CIRD supports host communities before and after their workshops via informational conference calls and webinars that cover critical topics in community engagement, rural design, partnership development, and workshop planning.

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Build Roads for Fish: Last Week’s Call on Designing for Vision and Values

This post, written by CommunityMatters Fellow Caitlin Horose of the Orton Family Foundation, recaps the second in a series of capacity building calls offered free of charge to the public and to four host communities by the Orton and the CIRD.


Ready to kick off a new community planning or design project? Want to make sure it’s successful? Projects that have the greatest impact are those that reflect your town’s vision and values. That’s easy to say, but it takes work to understand what your community cares most about and what they want to see in the future.

On last week’s conference call, Peter Flinker and Dave Hohenschau shared great tips for how to identify community values and work them into a project vision.  Our favorite bits of advice are below (including some odd ones!), but you can catch the full call by listening to the recording below and accessing the call notes.

Maybe it is All Fun and Games:  Make your visioning process fun!  Want to see how people really feel about new development? Try the Growth Chip Game. Interested in getting feedback on your guiding principles? Use candy corn or marbles for polling. Ready to talk about the places people love in town? Go on a walking tour or use a photo scavenger hunt to identify the best parts of your community.

Love fun? And games? Look for our CommunityMatters fall conference call series on play, starting in September!

Ask “WHY?”: The process of identifying values starts with a simple conversation - ask someone what matters to them in your community.  (Say, family friendliness.) But don’t stop there. Encourage people to articulate why something is important to them and you’ll have a much better sense of what they value.  Ask “why?” (Umm… because I want my kids to be safe.) And, don’t stop there either: keep going until you understand what is at the root of the value, and how it manifests itself locally. Ask “what does that look like?” (Oh! I mean the way all the business owners on Main Street know my kids and watch out for them, and the fact that there are wide sidewalks for them to ride their bikes.)

Build Roads for Fish: When the visioning phase of your project is complete, don’t throw your values to the wayside.  Find opportunities to incorporate values throughout all aspects of your community’s design and decision-making processes. Once you start looking, you’ll see unexpected ways to design for values: many places in the Pacific Northwest value salmon, for example. That means creating policies to restore rivers, but even details like the size of pea gravel used for new roads.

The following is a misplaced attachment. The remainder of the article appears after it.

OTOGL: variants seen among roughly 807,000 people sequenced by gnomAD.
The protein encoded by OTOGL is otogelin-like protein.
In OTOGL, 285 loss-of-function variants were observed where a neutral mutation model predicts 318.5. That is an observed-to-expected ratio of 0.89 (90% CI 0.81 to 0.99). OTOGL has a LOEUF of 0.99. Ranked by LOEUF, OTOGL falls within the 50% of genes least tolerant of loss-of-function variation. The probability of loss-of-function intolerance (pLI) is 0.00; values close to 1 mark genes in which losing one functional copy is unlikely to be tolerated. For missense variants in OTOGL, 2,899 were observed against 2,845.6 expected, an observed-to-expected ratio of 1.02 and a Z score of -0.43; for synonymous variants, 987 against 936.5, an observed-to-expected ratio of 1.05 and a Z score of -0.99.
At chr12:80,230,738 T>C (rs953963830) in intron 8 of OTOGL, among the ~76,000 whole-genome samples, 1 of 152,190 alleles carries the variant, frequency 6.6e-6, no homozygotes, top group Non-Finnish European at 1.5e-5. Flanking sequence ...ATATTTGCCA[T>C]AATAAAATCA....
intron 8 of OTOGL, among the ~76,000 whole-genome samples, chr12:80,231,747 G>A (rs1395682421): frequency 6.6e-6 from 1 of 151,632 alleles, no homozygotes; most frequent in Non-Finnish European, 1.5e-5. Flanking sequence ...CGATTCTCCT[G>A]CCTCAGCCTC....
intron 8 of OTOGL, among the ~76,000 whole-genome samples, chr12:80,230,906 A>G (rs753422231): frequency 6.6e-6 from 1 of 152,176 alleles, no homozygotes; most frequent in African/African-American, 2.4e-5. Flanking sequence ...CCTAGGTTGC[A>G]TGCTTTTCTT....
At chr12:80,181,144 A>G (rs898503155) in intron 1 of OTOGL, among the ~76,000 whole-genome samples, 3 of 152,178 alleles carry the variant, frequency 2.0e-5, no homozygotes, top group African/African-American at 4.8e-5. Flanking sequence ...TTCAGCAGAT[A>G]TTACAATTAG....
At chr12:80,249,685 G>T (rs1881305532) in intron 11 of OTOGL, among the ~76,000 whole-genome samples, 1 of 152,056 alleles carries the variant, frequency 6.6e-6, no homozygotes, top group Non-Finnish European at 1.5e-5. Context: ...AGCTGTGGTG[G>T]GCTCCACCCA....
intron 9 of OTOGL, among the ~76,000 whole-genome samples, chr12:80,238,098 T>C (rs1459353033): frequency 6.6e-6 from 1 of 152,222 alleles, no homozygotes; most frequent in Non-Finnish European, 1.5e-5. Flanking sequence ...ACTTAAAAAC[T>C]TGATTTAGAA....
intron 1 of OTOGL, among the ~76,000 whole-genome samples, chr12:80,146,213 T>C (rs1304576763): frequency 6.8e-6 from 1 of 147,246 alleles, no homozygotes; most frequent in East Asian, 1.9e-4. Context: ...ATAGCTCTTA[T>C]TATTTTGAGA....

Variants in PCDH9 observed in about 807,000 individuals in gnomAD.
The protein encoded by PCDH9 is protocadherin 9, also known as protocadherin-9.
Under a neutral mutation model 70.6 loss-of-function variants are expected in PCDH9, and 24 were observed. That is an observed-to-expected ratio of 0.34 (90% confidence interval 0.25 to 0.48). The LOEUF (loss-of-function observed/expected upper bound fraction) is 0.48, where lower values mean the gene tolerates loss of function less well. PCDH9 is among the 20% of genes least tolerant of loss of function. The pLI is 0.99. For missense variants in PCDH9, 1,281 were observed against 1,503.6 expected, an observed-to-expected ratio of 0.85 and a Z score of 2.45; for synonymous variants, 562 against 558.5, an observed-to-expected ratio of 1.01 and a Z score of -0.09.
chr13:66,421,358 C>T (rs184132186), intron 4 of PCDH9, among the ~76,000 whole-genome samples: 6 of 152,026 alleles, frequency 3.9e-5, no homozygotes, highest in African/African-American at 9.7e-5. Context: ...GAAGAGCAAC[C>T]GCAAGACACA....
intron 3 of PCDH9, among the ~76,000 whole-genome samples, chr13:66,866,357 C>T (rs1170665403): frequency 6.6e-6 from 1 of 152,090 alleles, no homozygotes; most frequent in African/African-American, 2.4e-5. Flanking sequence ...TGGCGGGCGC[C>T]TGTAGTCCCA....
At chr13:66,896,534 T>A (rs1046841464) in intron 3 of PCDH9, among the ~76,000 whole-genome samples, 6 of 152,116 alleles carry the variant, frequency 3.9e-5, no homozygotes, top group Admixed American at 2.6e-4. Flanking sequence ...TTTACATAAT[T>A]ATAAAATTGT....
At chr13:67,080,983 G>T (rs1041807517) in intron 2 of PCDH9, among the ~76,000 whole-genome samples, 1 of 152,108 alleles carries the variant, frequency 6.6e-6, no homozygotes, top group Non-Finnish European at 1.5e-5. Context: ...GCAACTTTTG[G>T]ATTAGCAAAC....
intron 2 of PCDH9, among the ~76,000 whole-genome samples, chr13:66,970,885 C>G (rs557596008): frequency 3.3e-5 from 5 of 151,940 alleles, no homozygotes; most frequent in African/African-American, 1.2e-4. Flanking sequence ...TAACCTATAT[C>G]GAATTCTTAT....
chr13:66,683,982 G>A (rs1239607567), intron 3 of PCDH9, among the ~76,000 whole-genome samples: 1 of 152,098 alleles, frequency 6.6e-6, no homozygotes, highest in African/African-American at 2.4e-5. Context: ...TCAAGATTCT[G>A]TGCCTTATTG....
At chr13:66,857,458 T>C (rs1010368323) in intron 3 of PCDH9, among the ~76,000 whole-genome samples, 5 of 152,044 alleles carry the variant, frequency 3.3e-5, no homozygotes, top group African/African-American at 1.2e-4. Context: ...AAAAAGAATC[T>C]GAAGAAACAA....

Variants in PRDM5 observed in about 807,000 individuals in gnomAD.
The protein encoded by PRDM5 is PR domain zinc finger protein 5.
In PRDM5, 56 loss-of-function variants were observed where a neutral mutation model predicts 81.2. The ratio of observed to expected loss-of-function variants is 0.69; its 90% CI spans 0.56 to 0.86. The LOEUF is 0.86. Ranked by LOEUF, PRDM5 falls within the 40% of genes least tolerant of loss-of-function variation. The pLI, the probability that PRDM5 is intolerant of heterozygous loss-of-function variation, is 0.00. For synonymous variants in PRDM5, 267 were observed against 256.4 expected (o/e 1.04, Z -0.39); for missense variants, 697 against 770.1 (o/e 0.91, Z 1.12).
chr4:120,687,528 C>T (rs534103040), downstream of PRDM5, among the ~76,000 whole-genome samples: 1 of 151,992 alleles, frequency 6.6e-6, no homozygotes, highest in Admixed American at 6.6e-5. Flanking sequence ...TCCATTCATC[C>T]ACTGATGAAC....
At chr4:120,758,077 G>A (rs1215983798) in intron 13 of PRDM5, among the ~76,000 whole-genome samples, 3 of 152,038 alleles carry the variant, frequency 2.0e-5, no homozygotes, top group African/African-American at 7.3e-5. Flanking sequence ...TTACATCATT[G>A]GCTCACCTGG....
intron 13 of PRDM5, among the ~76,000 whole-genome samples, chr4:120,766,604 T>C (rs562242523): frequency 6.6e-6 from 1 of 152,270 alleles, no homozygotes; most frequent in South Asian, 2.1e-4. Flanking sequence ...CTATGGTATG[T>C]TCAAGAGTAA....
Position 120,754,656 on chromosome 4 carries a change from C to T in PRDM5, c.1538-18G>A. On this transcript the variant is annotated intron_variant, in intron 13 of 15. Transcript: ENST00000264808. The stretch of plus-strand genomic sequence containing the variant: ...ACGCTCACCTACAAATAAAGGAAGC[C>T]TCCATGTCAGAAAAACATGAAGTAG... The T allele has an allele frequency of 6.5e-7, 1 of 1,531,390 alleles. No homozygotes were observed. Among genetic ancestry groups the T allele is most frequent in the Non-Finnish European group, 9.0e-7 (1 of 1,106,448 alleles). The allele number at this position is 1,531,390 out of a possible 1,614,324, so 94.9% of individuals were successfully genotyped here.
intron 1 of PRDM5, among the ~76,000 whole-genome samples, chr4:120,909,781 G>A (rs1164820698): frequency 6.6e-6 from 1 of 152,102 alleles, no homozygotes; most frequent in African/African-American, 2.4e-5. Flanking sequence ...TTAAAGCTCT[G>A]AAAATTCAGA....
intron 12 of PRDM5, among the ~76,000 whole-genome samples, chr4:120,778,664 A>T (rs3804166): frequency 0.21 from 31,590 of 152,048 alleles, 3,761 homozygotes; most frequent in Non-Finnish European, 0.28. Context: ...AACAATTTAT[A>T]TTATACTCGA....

Make the Hard Choices: If you’re in politics, you can thank us for this one. You know that making choices is one of the toughest things to do, and referring to established community values is a great way to help your community make decisions about how to set priorities and where to allocate resources. If your community values its history, you’ll be putting more energy into saving old buildings.  In places that care most about active living, you’re likely to see more bike lanes and bike racks.  Using values to guide activities will make your project and its outcomes more relevant to the community, and make it more difficult for anyone to object. 

Think Big, Start Small: Small is so underrated.  There are many ways to start small with a visioning project to create big change.  Work on small wins to gain momentum.   Use values to source ideas for small interventions. Encourage small actions that offer a way for everyone to get involved.  Stick to a small number of goals that have real ownership.

Clear visions are one characteristic of successful communities.  Curious about the rest? Don’t miss our next free call on Thursday, August 22nd, when Ed McMahon will talk about his seven “secrets” of successful communities.


Caitlin Horose is a CommunityMatters Fellow with the Orton Family Foundation.